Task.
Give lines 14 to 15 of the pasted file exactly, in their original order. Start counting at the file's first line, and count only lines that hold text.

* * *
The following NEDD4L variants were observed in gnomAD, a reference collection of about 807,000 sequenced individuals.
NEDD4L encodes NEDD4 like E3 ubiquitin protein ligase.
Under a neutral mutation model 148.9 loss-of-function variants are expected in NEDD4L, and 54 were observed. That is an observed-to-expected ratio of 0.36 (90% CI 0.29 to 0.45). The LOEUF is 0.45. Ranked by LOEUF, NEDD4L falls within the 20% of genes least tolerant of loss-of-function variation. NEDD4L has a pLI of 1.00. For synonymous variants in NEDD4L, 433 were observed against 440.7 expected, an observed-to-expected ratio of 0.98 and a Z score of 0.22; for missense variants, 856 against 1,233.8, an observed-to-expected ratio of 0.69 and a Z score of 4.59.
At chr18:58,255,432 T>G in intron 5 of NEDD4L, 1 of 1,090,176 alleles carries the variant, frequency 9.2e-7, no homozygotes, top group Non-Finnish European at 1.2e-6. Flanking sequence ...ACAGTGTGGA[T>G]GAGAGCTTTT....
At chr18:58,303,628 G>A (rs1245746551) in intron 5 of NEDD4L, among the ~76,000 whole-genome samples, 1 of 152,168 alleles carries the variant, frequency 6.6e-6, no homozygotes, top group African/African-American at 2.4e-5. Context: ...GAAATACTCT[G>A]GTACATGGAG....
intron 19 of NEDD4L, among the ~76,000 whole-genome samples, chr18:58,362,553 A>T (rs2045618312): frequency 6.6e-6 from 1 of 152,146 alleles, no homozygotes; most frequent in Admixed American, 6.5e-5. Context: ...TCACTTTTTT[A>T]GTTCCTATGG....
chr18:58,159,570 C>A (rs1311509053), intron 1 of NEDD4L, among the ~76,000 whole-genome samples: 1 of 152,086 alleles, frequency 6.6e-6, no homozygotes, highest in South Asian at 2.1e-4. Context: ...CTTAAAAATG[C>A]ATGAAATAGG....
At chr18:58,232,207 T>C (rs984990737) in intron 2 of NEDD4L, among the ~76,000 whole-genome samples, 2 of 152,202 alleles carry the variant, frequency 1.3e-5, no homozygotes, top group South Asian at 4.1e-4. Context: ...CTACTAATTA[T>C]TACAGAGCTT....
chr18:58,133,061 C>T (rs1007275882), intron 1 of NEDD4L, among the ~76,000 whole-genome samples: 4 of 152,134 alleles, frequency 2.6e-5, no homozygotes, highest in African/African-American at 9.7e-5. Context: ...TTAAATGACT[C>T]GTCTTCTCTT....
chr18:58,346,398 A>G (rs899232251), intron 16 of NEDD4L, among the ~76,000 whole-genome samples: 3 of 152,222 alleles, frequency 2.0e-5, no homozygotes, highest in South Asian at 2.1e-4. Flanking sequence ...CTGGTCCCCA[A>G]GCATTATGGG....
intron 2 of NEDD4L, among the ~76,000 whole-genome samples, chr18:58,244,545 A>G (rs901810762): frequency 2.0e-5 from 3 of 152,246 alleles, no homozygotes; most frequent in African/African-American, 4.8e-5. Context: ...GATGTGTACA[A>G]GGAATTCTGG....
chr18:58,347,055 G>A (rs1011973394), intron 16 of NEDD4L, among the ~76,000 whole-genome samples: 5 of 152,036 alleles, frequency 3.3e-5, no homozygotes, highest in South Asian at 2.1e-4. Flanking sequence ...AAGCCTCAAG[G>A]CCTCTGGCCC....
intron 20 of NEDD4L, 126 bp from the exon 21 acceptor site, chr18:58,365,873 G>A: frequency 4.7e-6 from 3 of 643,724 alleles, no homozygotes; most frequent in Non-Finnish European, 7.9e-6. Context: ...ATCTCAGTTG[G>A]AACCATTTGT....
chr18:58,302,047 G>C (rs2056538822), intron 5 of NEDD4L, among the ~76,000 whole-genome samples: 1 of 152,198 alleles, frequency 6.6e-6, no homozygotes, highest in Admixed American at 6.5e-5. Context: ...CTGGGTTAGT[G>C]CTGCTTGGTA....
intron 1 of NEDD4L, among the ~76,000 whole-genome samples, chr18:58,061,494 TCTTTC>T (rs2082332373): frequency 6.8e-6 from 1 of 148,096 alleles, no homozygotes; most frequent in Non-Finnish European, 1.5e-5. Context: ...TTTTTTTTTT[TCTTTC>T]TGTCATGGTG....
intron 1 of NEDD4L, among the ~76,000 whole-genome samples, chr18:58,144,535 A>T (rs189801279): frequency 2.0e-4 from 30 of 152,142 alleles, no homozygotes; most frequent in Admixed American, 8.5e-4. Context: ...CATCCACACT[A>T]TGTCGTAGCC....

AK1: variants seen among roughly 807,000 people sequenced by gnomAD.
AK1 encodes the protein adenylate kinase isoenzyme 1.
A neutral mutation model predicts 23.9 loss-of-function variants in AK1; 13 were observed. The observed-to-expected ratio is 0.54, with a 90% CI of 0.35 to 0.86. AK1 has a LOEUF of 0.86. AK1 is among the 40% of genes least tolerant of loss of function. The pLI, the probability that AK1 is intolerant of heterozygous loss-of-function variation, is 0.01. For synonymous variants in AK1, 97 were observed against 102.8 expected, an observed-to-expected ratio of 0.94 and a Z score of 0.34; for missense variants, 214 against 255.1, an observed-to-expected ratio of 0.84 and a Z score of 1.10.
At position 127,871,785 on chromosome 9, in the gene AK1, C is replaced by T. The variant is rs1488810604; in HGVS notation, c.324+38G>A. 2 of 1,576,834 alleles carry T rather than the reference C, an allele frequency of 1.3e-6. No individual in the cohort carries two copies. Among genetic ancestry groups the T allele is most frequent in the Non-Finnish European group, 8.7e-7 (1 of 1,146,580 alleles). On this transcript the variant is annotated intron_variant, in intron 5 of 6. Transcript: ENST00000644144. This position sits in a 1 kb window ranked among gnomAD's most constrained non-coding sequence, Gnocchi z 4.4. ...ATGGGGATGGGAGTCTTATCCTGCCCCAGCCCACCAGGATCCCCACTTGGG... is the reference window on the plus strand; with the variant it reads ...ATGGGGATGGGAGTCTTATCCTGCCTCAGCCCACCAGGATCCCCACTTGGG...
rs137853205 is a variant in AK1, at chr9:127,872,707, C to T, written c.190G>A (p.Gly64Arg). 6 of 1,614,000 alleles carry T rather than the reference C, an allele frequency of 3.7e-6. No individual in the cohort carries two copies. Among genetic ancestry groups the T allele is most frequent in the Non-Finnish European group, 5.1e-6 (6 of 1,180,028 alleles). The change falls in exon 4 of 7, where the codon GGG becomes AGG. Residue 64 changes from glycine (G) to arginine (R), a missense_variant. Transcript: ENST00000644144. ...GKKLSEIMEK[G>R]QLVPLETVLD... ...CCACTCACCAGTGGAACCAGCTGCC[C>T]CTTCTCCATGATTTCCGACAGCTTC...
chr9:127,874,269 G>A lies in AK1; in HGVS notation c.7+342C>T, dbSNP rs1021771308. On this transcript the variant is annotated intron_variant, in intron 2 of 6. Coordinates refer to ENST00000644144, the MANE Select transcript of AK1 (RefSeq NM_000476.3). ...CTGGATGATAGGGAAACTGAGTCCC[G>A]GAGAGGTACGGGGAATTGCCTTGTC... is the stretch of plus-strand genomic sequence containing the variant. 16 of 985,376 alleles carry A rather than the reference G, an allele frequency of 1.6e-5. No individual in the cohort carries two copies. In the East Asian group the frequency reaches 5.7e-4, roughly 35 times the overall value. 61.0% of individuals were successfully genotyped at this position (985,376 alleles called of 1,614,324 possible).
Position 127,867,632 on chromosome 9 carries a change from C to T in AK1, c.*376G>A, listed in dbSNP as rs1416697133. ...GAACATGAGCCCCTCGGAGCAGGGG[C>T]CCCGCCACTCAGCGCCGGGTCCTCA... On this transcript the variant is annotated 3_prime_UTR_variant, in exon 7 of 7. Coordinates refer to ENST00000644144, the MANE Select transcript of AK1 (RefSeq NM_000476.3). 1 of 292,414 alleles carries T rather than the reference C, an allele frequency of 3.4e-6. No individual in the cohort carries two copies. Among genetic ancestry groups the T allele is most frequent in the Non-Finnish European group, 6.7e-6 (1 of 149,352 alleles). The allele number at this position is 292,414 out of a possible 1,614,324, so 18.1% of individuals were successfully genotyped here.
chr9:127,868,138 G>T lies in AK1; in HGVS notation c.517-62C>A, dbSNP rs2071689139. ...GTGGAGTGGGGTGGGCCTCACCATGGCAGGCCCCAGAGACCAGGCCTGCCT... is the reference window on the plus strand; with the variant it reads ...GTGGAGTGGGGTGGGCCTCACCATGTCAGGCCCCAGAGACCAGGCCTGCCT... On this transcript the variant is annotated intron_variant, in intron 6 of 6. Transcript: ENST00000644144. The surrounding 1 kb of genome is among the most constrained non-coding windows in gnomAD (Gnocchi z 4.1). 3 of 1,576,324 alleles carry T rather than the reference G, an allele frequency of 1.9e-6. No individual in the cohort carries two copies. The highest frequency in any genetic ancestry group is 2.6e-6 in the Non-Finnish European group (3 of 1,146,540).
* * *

chr18:58,302,047 G>C (rs2056538822), intron 5 of NEDD4L, among the ~76,000 whole-genome samples: 1 of 152,198 alleles, frequency 6.6e-6, no homozygotes, highest in Admixed American at 6.5e-5. Context: ...CTGGGTTAGT[G>C]CTGCTTGGTA....
intron 1 of NEDD4L, among the ~76,000 whole-genome samples, chr18:58,061,494 TCTTTC>T (rs2082332373): frequency 6.8e-6 from 1 of 148,096 alleles, no homozygotes; most frequent in Non-Finnish European, 1.5e-5. Context: ...TTTTTTTTTT[TCTTTC>T]TGTCATGGTG....